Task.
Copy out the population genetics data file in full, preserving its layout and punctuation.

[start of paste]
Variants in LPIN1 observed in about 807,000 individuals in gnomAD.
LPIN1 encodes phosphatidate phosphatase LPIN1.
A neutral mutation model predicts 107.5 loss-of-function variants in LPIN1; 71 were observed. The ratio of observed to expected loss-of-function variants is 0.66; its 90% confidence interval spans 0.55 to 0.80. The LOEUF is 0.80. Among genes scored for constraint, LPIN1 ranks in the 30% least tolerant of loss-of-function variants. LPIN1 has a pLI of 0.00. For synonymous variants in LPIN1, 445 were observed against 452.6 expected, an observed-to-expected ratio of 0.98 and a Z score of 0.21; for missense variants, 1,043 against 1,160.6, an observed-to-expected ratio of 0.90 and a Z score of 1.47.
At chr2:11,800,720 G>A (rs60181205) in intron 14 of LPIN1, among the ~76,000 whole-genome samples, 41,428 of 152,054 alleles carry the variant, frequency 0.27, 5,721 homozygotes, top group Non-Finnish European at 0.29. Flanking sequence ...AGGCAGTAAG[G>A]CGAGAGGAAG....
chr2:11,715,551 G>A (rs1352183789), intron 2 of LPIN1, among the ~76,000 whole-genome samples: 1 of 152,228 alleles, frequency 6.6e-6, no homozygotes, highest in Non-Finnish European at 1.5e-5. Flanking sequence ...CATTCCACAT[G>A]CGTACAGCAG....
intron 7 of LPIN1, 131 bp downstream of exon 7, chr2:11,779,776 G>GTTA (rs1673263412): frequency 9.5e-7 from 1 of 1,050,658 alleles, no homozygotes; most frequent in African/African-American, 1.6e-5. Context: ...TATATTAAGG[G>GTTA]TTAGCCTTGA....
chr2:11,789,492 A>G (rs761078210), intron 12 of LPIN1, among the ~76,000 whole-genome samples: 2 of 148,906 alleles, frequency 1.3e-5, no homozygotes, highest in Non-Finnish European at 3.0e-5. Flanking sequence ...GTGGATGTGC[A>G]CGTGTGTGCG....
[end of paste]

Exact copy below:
Variants in LPIN1 observed in about 807,000 individuals in gnomAD.
LPIN1 encodes phosphatidate phosphatase LPIN1.
A neutral mutation model predicts 107.5 loss-of-function variants in LPIN1; 71 were observed. The ratio of observed to expected loss-of-function variants is 0.66; its 90% confidence interval spans 0.55 to 0.80. The LOEUF is 0.80. Among genes scored for constraint, LPIN1 ranks in the 30% least tolerant of loss-of-function variants. LPIN1 has a pLI of 0.00. For synonymous variants in LPIN1, 445 were observed against 452.6 expected, an observed-to-expected ratio of 0.98 and a Z score of 0.21; for missense variants, 1,043 against 1,160.6, an observed-to-expected ratio of 0.90 and a Z score of 1.47.
At chr2:11,800,720 G>A (rs60181205) in intron 14 of LPIN1, among the ~76,000 whole-genome samples, 41,428 of 152,054 alleles carry the variant, frequency 0.27, 5,721 homozygotes, top group Non-Finnish European at 0.29. Flanking sequence ...AGGCAGTAAG[G>A]CGAGAGGAAG....
chr2:11,715,551 G>A (rs1352183789), intron 2 of LPIN1, among the ~76,000 whole-genome samples: 1 of 152,228 alleles, frequency 6.6e-6, no homozygotes, highest in Non-Finnish European at 1.5e-5. Flanking sequence ...CATTCCACAT[G>A]CGTACAGCAG....
intron 7 of LPIN1, 131 bp downstream of exon 7, chr2:11,779,776 G>GTTA (rs1673263412): frequency 9.5e-7 from 1 of 1,050,658 alleles, no homozygotes; most frequent in African/African-American, 1.6e-5. Context: ...TATATTAAGG[G>GTTA]TTAGCCTTGA....
chr2:11,789,492 A>G (rs761078210), intron 12 of LPIN1, among the ~76,000 whole-genome samples: 2 of 148,906 alleles, frequency 1.3e-5, no homozygotes, highest in Non-Finnish European at 3.0e-5. Flanking sequence ...GTGGATGTGC[A>G]CGTGTGTGCG....